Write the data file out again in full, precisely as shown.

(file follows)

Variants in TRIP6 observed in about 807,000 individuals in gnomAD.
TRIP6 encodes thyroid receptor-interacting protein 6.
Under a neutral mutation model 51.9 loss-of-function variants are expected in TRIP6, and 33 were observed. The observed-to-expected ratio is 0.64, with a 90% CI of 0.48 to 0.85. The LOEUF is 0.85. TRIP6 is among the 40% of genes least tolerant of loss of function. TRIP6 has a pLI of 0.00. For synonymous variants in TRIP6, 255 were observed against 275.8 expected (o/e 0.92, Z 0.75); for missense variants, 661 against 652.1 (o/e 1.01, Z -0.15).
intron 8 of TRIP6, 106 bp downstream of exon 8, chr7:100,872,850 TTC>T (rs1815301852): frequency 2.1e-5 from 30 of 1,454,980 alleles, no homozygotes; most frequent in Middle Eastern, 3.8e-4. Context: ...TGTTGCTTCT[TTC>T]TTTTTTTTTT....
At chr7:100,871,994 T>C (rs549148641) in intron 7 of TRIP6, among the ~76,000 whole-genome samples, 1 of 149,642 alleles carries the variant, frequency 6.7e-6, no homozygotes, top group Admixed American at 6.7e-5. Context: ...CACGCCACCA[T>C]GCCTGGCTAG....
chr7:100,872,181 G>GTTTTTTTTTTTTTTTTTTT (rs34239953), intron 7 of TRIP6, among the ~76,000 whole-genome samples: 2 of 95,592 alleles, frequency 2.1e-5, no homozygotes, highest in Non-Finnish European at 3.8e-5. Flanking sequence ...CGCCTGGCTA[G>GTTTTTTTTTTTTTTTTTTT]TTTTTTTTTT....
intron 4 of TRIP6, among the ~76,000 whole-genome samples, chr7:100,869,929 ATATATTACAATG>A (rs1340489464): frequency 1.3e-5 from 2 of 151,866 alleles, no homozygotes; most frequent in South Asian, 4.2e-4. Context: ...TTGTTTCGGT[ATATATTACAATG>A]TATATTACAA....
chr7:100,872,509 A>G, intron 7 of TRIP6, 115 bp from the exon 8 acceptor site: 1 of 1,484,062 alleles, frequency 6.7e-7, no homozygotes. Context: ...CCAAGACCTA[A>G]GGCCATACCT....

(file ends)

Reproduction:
Variants in TRIP6 observed in about 807,000 individuals in gnomAD.
TRIP6 encodes thyroid receptor-interacting protein 6.
Under a neutral mutation model 51.9 loss-of-function variants are expected in TRIP6, and 33 were observed. The observed-to-expected ratio is 0.64, with a 90% CI of 0.48 to 0.85. The LOEUF is 0.85. TRIP6 is among the 40% of genes least tolerant of loss of function. TRIP6 has a pLI of 0.00. For synonymous variants in TRIP6, 255 were observed against 275.8 expected (o/e 0.92, Z 0.75); for missense variants, 661 against 652.1 (o/e 1.01, Z -0.15).
intron 8 of TRIP6, 106 bp downstream of exon 8, chr7:100,872,850 TTC>T (rs1815301852): frequency 2.1e-5 from 30 of 1,454,980 alleles, no homozygotes; most frequent in Middle Eastern, 3.8e-4. Context: ...TGTTGCTTCT[TTC>T]TTTTTTTTTT....
At chr7:100,871,994 T>C (rs549148641) in intron 7 of TRIP6, among the ~76,000 whole-genome samples, 1 of 149,642 alleles carries the variant, frequency 6.7e-6, no homozygotes, top group Admixed American at 6.7e-5. Context: ...CACGCCACCA[T>C]GCCTGGCTAG....
chr7:100,872,181 G>GTTTTTTTTTTTTTTTTTTT (rs34239953), intron 7 of TRIP6, among the ~76,000 whole-genome samples: 2 of 95,592 alleles, frequency 2.1e-5, no homozygotes, highest in Non-Finnish European at 3.8e-5. Flanking sequence ...CGCCTGGCTA[G>GTTTTTTTTTTTTTTTTTTT]TTTTTTTTTT....
intron 4 of TRIP6, among the ~76,000 whole-genome samples, chr7:100,869,929 ATATATTACAATG>A (rs1340489464): frequency 1.3e-5 from 2 of 151,866 alleles, no homozygotes; most frequent in South Asian, 4.2e-4. Context: ...TTGTTTCGGT[ATATATTACAATG>A]TATATTACAA....
chr7:100,872,509 A>G, intron 7 of TRIP6, 115 bp from the exon 8 acceptor site: 1 of 1,484,062 alleles, frequency 6.7e-7, no homozygotes. Context: ...CCAAGACCTA[A>G]GGCCATACCT....